What do most of us think when we see photos like this one? (Count the children, folks.) What did I think when I learned that the woman sitting in the buggy in the next photo had babies in 1872, 1875, 1877, 1880, 1883, 1885, 1886, 1889, 1891, and 1894?
Show these photographs to a group of twenty-first century
women, share the list of birth dates, and it won’t be long before the topic of birth control comes up. “They didn’t have a choice.”
“If they’d had a choice, they never would have had so many babies.” “No wonder women died in childbirth so often. They had to be worn out! Who wouldn’t be?”
Those musings would likely lead into a discussion of the women’s rights movement and advances in medicine—all of it assuming that no woman in her right mind would want a dozen kids. I tend to look at these photos and title them, “I am woman—I am tired.”
Luna Sanford Kellie taught me to reconsider my assumptions about pioneer women and large families. She came to Nebraska in 1876 and kept house for her father and brothers until her husband finished business in the east and joined them. By late that fall, Luna, J.T., and their first child were living in their own soddy. Luna wrote, “We always planned for a large family. When Aunt Sophy asked me how many children I was going to have I told her ‛as many as I can.’ And J.T was of the same mind …we thought twelve the least number that would do us and fifteen would be better.”
Enter another assumption: “Well, of course they wanted a big family. They needed boys to work the farm!” And again, assumptions would tend to lead to a discussion of how female children were less valued in an agrarian society than males. But Luna Kellie said that one reason she wanted a large family was that children in small families learned to be selfish. She wrote, “so selfishly are they raised no one can live happily with them.” Luna would eventually give birth to thirteen children. She worked alongside her husband in the fields, planted an orchard, raised her children, published a Populist newspaper on her kitchen table, and, when she was in her seventies, homesteaded alone outside of Phoenix, Arizona. Obviously she was an exceptional woman. She was bright, articulate, and energetic. And she wanted at least a dozen children.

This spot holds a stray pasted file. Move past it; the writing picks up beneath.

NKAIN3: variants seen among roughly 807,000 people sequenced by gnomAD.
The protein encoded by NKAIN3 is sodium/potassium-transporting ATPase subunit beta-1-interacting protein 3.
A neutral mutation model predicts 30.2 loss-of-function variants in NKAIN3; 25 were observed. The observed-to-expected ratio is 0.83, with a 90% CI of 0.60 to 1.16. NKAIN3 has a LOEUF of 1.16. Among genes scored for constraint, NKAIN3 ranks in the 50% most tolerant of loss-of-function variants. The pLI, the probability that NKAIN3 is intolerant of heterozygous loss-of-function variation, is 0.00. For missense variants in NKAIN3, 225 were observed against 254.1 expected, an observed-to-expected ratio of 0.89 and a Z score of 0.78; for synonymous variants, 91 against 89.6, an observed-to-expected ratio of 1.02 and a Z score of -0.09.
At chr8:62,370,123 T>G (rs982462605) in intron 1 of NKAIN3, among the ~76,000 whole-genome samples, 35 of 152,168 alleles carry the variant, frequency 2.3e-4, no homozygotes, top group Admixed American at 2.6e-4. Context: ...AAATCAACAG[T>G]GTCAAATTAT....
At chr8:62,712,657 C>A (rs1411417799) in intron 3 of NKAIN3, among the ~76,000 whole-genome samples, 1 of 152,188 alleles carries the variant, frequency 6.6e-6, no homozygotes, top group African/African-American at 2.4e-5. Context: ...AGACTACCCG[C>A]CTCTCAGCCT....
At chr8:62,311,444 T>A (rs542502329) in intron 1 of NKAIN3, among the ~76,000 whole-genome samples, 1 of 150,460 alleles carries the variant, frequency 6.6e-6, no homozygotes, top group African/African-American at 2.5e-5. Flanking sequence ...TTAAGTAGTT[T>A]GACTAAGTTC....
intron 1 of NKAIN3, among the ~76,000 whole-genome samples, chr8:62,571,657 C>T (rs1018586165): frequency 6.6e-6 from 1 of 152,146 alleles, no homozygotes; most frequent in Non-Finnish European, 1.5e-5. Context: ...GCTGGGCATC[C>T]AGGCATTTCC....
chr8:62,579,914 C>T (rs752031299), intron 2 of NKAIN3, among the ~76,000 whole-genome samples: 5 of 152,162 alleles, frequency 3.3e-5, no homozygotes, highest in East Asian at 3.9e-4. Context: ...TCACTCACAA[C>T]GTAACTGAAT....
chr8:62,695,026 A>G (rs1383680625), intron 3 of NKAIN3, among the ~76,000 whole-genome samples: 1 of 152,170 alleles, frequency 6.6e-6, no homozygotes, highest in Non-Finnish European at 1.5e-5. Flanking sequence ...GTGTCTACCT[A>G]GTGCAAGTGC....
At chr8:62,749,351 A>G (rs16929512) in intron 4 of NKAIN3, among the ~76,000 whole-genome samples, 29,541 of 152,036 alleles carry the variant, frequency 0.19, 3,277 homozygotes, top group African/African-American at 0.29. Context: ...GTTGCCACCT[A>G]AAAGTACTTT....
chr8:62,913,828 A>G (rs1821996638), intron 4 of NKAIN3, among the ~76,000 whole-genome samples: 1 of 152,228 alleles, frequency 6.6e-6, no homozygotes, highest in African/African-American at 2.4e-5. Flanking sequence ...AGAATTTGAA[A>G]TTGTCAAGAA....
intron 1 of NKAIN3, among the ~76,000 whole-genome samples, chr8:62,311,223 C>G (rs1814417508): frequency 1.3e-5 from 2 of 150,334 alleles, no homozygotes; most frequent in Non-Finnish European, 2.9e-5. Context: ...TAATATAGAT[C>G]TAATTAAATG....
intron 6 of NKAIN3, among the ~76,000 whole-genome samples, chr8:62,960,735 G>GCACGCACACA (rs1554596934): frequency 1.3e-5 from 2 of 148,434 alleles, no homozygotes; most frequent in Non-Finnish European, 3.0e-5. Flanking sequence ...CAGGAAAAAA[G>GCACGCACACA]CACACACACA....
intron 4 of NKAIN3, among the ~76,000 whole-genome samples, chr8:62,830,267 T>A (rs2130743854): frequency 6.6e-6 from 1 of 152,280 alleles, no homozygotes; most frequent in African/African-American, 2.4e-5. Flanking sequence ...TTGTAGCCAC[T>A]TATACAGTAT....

We all see history through a lens colored by our personal world view. That’s unavoidable. But history lovers, historical novelists, and historians alike should beware of putting our value judgments and our assumptions on others. We should remember that women of the past were just as diverse as women in 2010, and that the generalizations historians make based on their studies are just that—generalizations.
And to every generalization there is an exception—and an exceptional woman.